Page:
They are happy but exhausted at Battenkill Books. That is one day’s book signings of “”Dancing Dogs” in that photo. I have sore wrists and a happy heart. I will sign and personalize any book bought through Battenkill Books and they will include a free signed Bedlam Farm notecard with every purchase as well. Support my work and a great independent bookstore by calling them at 518 677-2515. We need physical bookstores in our communities. You can also purchase my books or any other books through the store by checking in on their website.
Also an important note: I will be talking, reading and signing at Northshire Books on behalf of “Dancing Dogs” this Friday at 7 p.m., not Saturday as previously reported.
6 a.m. Red is waiting at the bottom of the stairs for me when I come down. We go outside to feet the cats and let the chickens out of the yarn.
6:30. Red takes a walk on the path.
7:00 a.m. Red goes out again to walk us to to the barn where we check on the donkeys. He circles the pasture looking for sheep, who are no longer in residence at Bedlam. I send him or two or three jaunts around to keep him occupied.
8:00 a.m. Red lies down by my desk while I blog and write. While I am at the computer, he does not move. Two interviews for “Dancing Dogs.”
8:30: I have to stop working. Red goes with me to Matthews Automotive in Salem to get an oil change. Red gets out of the car, greets Adam, the owner, and circles around the garage to visit the mechanics. He doesn’t like the screw gun noise and comes back to me. We sit outside and wait and when the car is done, he hops in.
9:00 a.m. We drive to the new house to meet with Ben, check on the fences, check on the sheep, give Rocky some grain, polish the old wood stove a bit.
9:10 a.m. Red and I do some sheepherding. We work on our voice commands and movements together. I go to the farm corner of the pasture and he brings the sheep to me. I am getting him to slow down a bit.
10: a.m. I go into Cambridge to get a massage. Red lies down on the floor and doesn’t move for an hour.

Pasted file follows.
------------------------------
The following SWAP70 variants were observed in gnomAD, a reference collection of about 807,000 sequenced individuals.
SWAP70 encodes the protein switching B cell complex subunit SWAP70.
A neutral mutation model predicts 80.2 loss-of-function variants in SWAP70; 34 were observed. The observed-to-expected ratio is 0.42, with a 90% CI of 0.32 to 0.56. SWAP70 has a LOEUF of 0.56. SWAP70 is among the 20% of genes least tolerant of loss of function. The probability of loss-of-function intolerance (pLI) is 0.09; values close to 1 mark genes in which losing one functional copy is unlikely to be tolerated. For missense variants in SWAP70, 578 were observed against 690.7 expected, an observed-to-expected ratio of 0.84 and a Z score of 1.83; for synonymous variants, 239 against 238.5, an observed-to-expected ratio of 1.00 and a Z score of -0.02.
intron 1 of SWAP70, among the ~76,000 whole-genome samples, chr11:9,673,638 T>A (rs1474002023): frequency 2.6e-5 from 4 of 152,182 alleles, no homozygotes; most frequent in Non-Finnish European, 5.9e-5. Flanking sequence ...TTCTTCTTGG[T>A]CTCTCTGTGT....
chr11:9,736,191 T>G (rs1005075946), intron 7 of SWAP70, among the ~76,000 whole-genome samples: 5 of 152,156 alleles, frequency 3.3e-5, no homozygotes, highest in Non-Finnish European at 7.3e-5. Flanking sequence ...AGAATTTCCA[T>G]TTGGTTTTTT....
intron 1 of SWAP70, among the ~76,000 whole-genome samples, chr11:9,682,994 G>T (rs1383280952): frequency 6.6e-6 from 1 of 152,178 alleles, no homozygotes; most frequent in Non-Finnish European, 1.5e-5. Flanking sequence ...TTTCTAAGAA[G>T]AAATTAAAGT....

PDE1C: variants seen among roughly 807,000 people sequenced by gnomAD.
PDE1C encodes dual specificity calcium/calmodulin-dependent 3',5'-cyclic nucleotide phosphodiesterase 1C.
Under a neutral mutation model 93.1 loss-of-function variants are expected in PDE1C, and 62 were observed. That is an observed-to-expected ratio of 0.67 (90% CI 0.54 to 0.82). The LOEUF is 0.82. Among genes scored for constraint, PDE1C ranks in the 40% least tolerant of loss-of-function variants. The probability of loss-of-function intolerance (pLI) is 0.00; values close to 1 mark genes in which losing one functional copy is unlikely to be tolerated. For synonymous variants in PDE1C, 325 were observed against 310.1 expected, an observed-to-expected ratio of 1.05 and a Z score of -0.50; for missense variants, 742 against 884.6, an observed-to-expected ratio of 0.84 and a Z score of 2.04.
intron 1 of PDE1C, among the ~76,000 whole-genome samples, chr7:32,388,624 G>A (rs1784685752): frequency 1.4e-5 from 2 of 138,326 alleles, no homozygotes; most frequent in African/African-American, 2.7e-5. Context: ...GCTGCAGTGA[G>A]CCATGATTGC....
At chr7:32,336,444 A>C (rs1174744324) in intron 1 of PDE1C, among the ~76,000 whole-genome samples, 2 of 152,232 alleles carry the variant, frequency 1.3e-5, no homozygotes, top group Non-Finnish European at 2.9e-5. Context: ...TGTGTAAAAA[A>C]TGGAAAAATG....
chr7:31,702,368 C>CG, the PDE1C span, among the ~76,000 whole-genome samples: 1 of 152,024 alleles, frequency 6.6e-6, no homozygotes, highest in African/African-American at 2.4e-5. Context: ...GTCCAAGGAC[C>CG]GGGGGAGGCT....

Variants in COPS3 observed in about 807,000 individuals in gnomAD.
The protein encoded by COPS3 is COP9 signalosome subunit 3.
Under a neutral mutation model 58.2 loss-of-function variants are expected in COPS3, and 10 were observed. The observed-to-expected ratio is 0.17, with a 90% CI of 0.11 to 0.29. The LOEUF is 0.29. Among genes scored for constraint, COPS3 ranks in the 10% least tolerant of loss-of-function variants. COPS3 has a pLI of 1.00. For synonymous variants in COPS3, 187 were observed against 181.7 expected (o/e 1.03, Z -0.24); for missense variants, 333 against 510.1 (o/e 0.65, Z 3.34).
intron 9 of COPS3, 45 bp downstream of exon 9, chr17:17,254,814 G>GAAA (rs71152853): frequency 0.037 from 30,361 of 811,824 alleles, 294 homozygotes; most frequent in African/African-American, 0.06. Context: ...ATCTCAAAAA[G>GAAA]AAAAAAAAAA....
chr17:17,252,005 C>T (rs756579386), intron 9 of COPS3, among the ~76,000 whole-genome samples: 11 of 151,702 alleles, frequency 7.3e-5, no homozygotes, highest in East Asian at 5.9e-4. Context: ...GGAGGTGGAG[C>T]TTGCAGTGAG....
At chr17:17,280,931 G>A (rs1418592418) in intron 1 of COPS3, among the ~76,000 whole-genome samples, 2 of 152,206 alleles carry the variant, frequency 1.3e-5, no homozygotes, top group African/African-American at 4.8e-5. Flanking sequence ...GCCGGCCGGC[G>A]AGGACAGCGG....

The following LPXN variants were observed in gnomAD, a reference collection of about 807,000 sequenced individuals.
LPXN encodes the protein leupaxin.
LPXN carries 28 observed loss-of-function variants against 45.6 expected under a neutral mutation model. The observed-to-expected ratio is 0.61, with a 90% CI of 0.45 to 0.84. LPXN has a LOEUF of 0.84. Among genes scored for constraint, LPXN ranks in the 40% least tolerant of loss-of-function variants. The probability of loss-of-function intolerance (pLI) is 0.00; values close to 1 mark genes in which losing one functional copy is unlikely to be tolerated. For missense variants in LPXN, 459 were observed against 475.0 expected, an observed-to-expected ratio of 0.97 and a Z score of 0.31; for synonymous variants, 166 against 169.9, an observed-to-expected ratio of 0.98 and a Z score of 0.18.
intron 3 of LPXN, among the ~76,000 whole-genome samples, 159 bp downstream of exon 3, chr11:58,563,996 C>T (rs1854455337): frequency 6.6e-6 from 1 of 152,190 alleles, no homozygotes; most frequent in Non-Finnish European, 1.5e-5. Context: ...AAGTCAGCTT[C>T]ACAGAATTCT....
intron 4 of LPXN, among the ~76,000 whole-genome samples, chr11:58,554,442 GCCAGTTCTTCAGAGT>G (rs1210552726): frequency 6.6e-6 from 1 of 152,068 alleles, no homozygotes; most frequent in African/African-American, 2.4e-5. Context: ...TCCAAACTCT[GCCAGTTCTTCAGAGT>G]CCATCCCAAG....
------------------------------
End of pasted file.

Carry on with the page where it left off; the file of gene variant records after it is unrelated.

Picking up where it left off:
ll a.m. Back to the new house to talk with Ben, drop off some furniture that was in the car.
1130: Red comes with me to the hardware store to get some paint. Walks the aisles, greets shoppers and staff.
Noon. Stop at Sheldon’s market, Red gets out to greet his girlfriends behind the register.
l p.m. Lunch at Bedlam Farm with Maria. Red sits on the porch looking in.
2 p.m. Interviews. Red sits by my side while I give interviews on the phone for “Dancing Dogs.” Won’t get much of my own work done on the book tour.
3 p.m. Go out for some photos. Red and Lenore come.
4 p.m. Red and I go to Battenkill Books to sign copies of “Dancing Dogs.” Red greets Connie, Marilyn, customers, then curls up on the floor and goes to sleep.
5 p.m. Back to the new farm for more sheepherding practice, check on the Studio renovations, send photos to Maria.
6 p.m. Back home to eat, walk on the path with Lenore and Frieda and Maria. Barn and farm chores, closing up the chickens, feeding the barn cats, checking water and fences.
7 p.m. Dinner, blogging, last walk.
8 p.m. Machines are turned off, reading, meditation, quiet. Red vanishes under the table, is not seen or heard until bedtime.
At least once a day someone refers in a well-meaning way to our moving as a “downsizing.” It is so fascinating, wrote one man to me in an e-mail, to see how you and Maria are downsizing your lives. He could not know, of course, how much I dislike the term, or how little meaning and relevance it has to my life. The term “downsizing,” like “middle-aged crisis” is most frequently used as a club to shrink the expectations and ambitions and dreams of older people, or in the case of the latter, to ridicule and discourage men who would like to change their lives.